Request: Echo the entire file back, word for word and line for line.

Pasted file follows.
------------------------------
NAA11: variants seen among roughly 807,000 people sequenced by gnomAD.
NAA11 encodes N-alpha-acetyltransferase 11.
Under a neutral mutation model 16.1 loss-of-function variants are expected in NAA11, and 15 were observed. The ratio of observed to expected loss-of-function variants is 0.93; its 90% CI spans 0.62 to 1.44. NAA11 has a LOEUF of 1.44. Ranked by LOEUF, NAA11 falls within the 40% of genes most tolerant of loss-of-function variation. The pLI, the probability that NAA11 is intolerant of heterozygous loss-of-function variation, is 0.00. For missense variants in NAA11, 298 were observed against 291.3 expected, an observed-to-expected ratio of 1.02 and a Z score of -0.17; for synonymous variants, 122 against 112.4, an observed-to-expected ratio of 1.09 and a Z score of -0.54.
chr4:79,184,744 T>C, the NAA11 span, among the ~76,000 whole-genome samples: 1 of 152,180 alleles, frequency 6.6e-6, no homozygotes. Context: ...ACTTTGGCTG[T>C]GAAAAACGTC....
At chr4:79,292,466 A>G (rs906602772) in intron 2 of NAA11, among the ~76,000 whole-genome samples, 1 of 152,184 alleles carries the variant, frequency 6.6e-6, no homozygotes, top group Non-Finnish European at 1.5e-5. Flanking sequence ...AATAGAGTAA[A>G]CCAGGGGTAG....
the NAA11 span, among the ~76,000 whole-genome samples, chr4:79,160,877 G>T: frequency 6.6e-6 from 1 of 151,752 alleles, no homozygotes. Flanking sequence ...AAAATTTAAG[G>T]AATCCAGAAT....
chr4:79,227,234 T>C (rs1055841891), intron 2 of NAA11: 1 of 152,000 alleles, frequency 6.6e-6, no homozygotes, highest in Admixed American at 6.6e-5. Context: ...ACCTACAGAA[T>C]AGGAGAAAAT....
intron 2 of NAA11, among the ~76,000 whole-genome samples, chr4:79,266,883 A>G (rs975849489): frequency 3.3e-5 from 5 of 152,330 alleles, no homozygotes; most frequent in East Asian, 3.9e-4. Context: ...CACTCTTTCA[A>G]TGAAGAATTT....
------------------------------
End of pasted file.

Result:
NAA11: variants seen among roughly 807,000 people sequenced by gnomAD.
NAA11 encodes N-alpha-acetyltransferase 11.
Under a neutral mutation model 16.1 loss-of-function variants are expected in NAA11, and 15 were observed. The ratio of observed to expected loss-of-function variants is 0.93; its 90% CI spans 0.62 to 1.44. NAA11 has a LOEUF of 1.44. Ranked by LOEUF, NAA11 falls within the 40% of genes most tolerant of loss-of-function variation. The pLI, the probability that NAA11 is intolerant of heterozygous loss-of-function variation, is 0.00. For missense variants in NAA11, 298 were observed against 291.3 expected, an observed-to-expected ratio of 1.02 and a Z score of -0.17; for synonymous variants, 122 against 112.4, an observed-to-expected ratio of 1.09 and a Z score of -0.54.
chr4:79,184,744 T>C, the NAA11 span, among the ~76,000 whole-genome samples: 1 of 152,180 alleles, frequency 6.6e-6, no homozygotes. Context: ...ACTTTGGCTG[T>C]GAAAAACGTC....
At chr4:79,292,466 A>G (rs906602772) in intron 2 of NAA11, among the ~76,000 whole-genome samples, 1 of 152,184 alleles carries the variant, frequency 6.6e-6, no homozygotes, top group Non-Finnish European at 1.5e-5. Flanking sequence ...AATAGAGTAA[A>G]CCAGGGGTAG....
the NAA11 span, among the ~76,000 whole-genome samples, chr4:79,160,877 G>T: frequency 6.6e-6 from 1 of 151,752 alleles, no homozygotes. Flanking sequence ...AAAATTTAAG[G>T]AATCCAGAAT....
chr4:79,227,234 T>C (rs1055841891), intron 2 of NAA11: 1 of 152,000 alleles, frequency 6.6e-6, no homozygotes, highest in Admixed American at 6.6e-5. Context: ...ACCTACAGAA[T>C]AGGAGAAAAT....
intron 2 of NAA11, among the ~76,000 whole-genome samples, chr4:79,266,883 A>G (rs975849489): frequency 3.3e-5 from 5 of 152,330 alleles, no homozygotes; most frequent in East Asian, 3.9e-4. Context: ...CACTCTTTCA[A>G]TGAAGAATTT....